Bryan Bailey

Raised in Fairbanks, Alaska, Bryan Bailey grew to appreciate the wildness of the land and its abundant wildlife. In particular, he developed a fondness for the gray wolves that roamed the vast mountain ranges and forests near his home. Under the guidance of a Special Forces Survival Instructor, he spent years studying the social interactions of wolves in their packs and discovered that, beyond obvious physical similarities, there were also behavioral similarities between the wolves and the sled dogs that were his family's pets.

Today, with over thirty years of education  ...See more >


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"A convincing guide for dog owners as well as a memoir of instructive adventures set in nature."

Kirkus Reviews


AWARDS, PRESS & INTERESTS

Indie Reader Approved, 2015: Embracing the Wild in Your Dog: AN UNDERSTANDING OF THE AUTHORS OF OUR DOG'S BEHAVIOR - NATURE AND THE WOLF

Reader's Favorite Book Award Winner, 2015: Embracing the Wild in Your Dog: AN UNDERSTANDING OF THE AUTHORS OF OUR DOG'S BEHAVIOR - NATURE AND THE WOLF

HOSS Magazine - 5 Tips for Helping Fido Survive the Holidays, 2015

Chicago Tribune - Gift worthy books, 2015

Tulsa World - Books for Dog Lovers, 2015

Press Release, 2015

Hometown Memphis, TN

Favorite author Cormac McCarthy

Favorite book No Country for Old Men

Day job Animal Behaviorist and Pharmacotherapy Specialist

Favorite line from a book "There is nothin to set a man's mind at ease like wakin up in the morning and not havin to decide who you were."

Favorite word Wild

Unexpected skill or talent Sketching/drawing, especially wildlife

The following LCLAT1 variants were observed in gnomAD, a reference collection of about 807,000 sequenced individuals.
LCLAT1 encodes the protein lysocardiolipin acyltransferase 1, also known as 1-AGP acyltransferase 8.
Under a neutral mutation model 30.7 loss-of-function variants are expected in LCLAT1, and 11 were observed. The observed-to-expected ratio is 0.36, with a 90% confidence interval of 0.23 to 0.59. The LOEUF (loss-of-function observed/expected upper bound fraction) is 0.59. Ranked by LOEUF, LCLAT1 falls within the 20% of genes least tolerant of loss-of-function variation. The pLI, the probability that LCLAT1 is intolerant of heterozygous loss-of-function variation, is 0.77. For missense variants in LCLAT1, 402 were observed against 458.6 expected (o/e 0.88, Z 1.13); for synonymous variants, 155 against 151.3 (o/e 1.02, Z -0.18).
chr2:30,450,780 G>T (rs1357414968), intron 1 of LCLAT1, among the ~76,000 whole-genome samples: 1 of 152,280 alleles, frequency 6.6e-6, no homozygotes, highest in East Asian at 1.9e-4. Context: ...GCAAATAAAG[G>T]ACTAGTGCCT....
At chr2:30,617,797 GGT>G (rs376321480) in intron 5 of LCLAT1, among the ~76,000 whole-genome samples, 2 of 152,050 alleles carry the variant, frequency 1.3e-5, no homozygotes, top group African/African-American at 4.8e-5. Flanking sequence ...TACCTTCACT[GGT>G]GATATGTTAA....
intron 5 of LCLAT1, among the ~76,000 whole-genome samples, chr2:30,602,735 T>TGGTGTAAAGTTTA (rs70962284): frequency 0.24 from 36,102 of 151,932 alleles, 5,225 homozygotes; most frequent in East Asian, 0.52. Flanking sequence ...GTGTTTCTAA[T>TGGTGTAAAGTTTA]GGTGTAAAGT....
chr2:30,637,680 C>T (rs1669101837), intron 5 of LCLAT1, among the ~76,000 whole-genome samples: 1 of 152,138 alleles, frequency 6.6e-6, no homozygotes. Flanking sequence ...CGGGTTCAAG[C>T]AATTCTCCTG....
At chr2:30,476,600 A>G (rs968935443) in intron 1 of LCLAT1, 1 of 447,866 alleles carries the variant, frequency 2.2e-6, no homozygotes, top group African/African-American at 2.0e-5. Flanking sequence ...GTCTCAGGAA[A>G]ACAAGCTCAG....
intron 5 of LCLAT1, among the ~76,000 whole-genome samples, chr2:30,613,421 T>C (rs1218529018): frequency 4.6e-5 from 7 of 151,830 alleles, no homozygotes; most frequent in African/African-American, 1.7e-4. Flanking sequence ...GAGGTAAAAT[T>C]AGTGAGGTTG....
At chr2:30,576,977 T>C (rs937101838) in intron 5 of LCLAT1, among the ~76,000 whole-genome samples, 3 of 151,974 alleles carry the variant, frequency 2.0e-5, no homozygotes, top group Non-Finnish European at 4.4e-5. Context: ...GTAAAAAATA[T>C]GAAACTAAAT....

Passion in life Exploring the world with my wife


BOOKS REVIEWED BY KIRKUS:

BIOGRAPHY & MEMOIR
Pub Date:
ISBN: 978-1-61-933471-7
Page count: 174pp

A convincing guide for dog owners as well as a memoir of instructive adventures set in nature.

As the title of this debut work suggests, the central figure here is the wolf. Bailey insists that the tendency to anthropomorphize pets doesn’t serve them well: “The dog is a modified wolf, not a human.” The author bases his arguments on decades of experience as a licensed dog trainer, police canine officer, and dog sled racer. Several passages, taken out of context, may strike some readers as harsh. In actuality, Bailey goes to great lengths to explain the economic and psychological influences that cause dog owners to make regrettable decisions, whether due to the machinations of the massively profitable pet industry or the very real human need for affection and companionship. Nevertheless, this book represents much more than a simple training guide. There is an undeniable power and beauty to the author’s musings as he weaves into the text vital lessons learned from his mentor during intense survival training in the Alaskan wilderness. His rugged prose effectively conveys the physically and emotionally grueling nature of these exercises from his youth, to say the least. At one point, he literally stares into the eyes of the alpha male of the wolf pack. He also embraces spiritual elements, carefully constructing each chapter to begin with an appropriate epigraph, often quoting indigenous leaders or peoples. (He throws Jack London, John M. Campbell, and Henry David Thoreau into the mix, too.) As Bailey summarizes, “We are not adequately educated in regard to wolves and their behavior, and what little we do know, we are afraid of.” He successfully rectifies this situation in a bold and refreshing manner. For instance, such knowledge can help consumers choose which portable kennels are most appropriate for puppies based on animal behavior in the wild. Throughout the text, he repeats a mantra derived from the social relations displayed in wolf packs: “ ‘Obey today, eat today, live today’ is the reality. Obedience is required.” 

A firm response to currently accepted dog-training methods.


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